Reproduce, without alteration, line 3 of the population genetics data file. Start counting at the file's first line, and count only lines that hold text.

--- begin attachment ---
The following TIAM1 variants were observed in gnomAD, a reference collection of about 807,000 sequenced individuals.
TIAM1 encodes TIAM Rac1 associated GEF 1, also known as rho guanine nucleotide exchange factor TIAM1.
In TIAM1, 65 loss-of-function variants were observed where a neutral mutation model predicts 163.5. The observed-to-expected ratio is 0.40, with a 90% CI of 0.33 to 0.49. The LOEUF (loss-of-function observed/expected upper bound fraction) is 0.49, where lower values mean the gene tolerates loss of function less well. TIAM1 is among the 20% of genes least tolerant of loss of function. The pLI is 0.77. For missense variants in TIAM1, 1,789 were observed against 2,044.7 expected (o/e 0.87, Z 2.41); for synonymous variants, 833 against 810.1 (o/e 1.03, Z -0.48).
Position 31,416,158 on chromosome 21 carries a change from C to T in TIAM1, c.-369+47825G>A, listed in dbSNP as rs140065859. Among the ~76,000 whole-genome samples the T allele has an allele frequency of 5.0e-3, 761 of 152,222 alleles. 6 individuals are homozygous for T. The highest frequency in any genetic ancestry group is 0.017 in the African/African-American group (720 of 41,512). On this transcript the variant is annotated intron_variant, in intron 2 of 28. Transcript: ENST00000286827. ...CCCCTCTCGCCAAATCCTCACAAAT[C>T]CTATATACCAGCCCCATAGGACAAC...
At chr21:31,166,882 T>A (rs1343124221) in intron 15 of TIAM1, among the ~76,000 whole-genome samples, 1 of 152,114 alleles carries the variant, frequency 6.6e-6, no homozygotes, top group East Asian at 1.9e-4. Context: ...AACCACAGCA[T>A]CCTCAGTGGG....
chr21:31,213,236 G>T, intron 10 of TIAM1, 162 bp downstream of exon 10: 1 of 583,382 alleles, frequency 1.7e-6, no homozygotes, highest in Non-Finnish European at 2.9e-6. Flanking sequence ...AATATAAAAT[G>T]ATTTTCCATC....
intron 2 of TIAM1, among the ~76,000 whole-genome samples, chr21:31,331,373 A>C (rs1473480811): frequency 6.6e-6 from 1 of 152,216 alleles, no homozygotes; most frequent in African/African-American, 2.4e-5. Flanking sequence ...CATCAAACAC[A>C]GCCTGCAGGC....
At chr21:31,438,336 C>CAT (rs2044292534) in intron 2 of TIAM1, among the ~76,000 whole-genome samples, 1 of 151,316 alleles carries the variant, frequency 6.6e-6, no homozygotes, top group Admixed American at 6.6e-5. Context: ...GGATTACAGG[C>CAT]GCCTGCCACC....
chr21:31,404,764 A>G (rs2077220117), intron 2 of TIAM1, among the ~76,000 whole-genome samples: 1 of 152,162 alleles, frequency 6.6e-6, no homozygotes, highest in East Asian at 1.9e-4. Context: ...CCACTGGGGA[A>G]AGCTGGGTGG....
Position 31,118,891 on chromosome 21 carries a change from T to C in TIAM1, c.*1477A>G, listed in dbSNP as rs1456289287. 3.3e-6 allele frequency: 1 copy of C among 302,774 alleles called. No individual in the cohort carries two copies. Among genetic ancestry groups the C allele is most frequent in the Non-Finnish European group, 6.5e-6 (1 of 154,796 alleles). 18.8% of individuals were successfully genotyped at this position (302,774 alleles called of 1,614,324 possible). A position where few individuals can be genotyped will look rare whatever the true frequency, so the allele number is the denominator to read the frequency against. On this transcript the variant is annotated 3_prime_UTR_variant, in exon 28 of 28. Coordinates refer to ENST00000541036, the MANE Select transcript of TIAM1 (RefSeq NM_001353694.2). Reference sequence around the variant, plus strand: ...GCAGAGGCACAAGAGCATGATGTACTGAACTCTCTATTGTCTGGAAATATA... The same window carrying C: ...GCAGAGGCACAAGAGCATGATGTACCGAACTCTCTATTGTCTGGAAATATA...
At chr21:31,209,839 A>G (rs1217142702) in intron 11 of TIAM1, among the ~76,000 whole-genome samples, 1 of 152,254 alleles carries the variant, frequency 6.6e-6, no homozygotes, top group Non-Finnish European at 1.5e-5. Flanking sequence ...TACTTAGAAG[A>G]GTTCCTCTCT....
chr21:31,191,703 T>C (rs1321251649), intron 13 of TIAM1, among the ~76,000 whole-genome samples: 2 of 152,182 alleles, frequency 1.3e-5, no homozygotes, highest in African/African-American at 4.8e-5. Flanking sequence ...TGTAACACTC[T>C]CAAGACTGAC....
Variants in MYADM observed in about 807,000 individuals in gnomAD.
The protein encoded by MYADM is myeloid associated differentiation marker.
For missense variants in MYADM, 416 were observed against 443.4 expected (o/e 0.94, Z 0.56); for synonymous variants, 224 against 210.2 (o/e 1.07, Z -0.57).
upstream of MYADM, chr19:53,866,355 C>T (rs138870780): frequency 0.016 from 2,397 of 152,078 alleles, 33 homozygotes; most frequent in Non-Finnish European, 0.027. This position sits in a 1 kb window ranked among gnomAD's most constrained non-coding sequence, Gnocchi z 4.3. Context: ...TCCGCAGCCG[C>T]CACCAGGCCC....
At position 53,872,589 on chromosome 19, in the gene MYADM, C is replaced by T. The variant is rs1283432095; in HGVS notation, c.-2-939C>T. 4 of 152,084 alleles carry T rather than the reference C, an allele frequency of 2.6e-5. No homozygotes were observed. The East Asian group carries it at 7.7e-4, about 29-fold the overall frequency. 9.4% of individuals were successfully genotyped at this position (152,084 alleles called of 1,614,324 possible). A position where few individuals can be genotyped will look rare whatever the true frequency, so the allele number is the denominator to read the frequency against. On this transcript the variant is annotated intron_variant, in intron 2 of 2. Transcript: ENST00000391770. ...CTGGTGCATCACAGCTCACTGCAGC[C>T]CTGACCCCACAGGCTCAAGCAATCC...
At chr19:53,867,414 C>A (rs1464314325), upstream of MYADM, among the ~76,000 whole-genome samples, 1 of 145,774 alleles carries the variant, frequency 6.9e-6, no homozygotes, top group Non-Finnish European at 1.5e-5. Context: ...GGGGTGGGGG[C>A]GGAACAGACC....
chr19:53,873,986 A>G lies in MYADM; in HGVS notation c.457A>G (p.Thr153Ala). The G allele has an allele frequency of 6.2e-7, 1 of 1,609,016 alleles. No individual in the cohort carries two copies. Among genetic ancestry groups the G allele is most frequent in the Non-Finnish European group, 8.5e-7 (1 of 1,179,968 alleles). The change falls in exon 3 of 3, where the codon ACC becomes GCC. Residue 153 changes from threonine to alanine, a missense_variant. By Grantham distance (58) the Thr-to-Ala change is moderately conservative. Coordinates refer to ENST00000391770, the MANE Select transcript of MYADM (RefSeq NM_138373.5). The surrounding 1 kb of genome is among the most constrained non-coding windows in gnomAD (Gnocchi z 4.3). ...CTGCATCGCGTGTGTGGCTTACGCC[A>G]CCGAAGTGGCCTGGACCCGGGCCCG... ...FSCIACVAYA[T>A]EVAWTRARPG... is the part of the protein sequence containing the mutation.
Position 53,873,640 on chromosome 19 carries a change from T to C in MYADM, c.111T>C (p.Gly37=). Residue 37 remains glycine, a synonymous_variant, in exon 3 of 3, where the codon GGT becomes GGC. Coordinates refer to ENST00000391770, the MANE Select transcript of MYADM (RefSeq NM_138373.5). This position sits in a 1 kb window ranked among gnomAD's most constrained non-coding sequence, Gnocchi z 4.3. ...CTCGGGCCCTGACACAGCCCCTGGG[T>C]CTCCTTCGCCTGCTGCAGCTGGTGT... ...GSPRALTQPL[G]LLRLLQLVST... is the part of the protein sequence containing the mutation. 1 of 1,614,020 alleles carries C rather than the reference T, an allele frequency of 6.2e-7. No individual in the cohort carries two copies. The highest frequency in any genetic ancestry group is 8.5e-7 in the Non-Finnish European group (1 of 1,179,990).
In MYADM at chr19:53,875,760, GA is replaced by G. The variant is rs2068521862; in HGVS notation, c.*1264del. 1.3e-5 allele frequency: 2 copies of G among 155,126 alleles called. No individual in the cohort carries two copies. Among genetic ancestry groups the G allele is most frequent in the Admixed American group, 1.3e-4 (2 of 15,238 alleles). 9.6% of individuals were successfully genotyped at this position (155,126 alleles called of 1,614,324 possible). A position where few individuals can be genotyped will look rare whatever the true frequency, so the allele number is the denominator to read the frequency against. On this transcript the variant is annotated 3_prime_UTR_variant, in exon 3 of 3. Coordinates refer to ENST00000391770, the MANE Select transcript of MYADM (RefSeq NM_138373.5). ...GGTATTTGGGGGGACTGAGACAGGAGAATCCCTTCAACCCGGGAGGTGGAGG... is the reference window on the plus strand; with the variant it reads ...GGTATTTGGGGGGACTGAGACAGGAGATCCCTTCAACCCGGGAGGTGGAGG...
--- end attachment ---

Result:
In TIAM1, 65 loss-of-function variants were observed where a neutral mutation model predicts 163.5. The observed-to-expected ratio is 0.40, with a 90% CI of 0.33 to 0.49. The LOEUF (loss-of-function observed/expected upper bound fraction) is 0.49, where lower values mean the gene tolerates loss of function less well. TIAM1 is among the 20% of genes least tolerant of loss of function. The pLI is 0.77. For missense variants in TIAM1, 1,789 were observed against 2,044.7 expected (o/e 0.87, Z 2.41); for synonymous variants, 833 against 810.1 (o/e 1.03, Z -0.48).